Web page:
In fact, to keep writing from getting stale, I recommend many of the techniques used by children. In another essay, I describe the parallel play process, which in turn came from the restless, ceaseless experimentation with words and tales and forms and processes. Playful experimentation requires several things adults are often in short supply of. First, it requires the ability to completely divorce oneself from any sense of risk.
That is, the story a writer is playing with must not be under deadline. It must not be part of an expectation of material or pride success. It must not be for this magazine, that anthology, to that publisher. Playful experimentation requires the worry-free mindset of a child exploring a newly discovered, vacant field. The writer must be able dash there, and there, and over there while also pausing to pick up a stick to slash at weeds or turn into the spear of Ajax or into a rifle or crutch.
Second, it requires a sense of whimsy combined with a desire to understand. To approach writing as a thing of rigid process is not playful. To get to a space of discovery, the writer must be willing to do things that seem stupid in the moment but then, unexpectedly, force the subconscious to step in to create a pattern that becomes the discovery. Third, it requires an idea of what can be done.
Forcing the hang glider to go up without an updraft does not work. The principles of aerodynamics and gravity do not allow it.
For example, most writers know that stories generally create emotional changes in characters by stressing those characters through conflict.
It is a universal principle of stories. Some writers I know argue that without it, the text is not a story and falls to the category of mere personal essay or memoir.
I would argue that few personal essays or memoirs are not stories. I would also argue that most, if not all, powerful personal essays and memoirs revolve around some core conflict. I digress. Taking the underlying principle of conflict, one approach to ceaseless, restless experimentation is to employ the principle in an experiment of randomness.
Pick a handful of silly things and try to employ the principle of conflict while connecting the silly things. Personally, I often pick a principle, roll a set of ten-sided dice several times to come up with three or more random, four-digit numbers, then find those numbers on a long list of observations, objects, insights, and thoughts that I keep. I put those randomly selected elements at the top of a page then write as fast as I can in an effort to execute the principle.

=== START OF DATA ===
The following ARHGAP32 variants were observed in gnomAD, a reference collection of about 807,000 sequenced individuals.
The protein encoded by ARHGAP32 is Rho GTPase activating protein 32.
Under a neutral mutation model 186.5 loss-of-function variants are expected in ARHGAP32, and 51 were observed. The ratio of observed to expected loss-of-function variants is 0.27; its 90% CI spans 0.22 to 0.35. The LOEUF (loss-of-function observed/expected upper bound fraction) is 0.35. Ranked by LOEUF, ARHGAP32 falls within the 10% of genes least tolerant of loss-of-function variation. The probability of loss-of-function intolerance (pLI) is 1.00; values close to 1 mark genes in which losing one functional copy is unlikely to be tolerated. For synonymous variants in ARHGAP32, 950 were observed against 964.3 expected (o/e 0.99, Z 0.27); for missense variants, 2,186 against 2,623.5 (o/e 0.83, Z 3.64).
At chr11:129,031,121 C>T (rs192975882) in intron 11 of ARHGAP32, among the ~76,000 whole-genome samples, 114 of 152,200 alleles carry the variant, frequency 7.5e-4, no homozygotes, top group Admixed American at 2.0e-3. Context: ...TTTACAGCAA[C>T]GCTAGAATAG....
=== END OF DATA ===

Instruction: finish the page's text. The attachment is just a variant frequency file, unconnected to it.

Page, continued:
The randomness of the objects forces the subconscious to attempt to create a pattern connection between the objects. The chosen principle forces a construct that will either succeed or break. Either way, something is gained from the effort. Sometimes, seeing a failure unfold reveals new patterns, new methods of allowing the reader to see or feel the moment on the page.
Sometimes, seeing the experiment succeed within the structure of the principle results in new understanding and skill in the execution of the principle. Worst case for the above experiment is that the writer has fun and the brain is given a set of patterns principles to which it becomes tuned and to which it begins to, or continues to, adapt.
The important piece from the above is not the process. The important piece is that principle combined with play is a type of practice that keeps writing fresh and keeps the writer on a path of discovery that deadline-driven work, paid-for work, pride-driven work cannot provide.
Mindfulness of underlying principles combined with playful experimentation results in discovery. Had I considered the principle of aerodynamics and approached the day with a less rigid focus on succeeding with the defined exercise, I might have had more fun and been more inclined to discover what I could do on that day and in the days to come.
A week later, I did go back and fly again. I did it because I had decided to quit flying because I could not trust my ADHD brain to focus on all the conditions that allow a person to fly safely.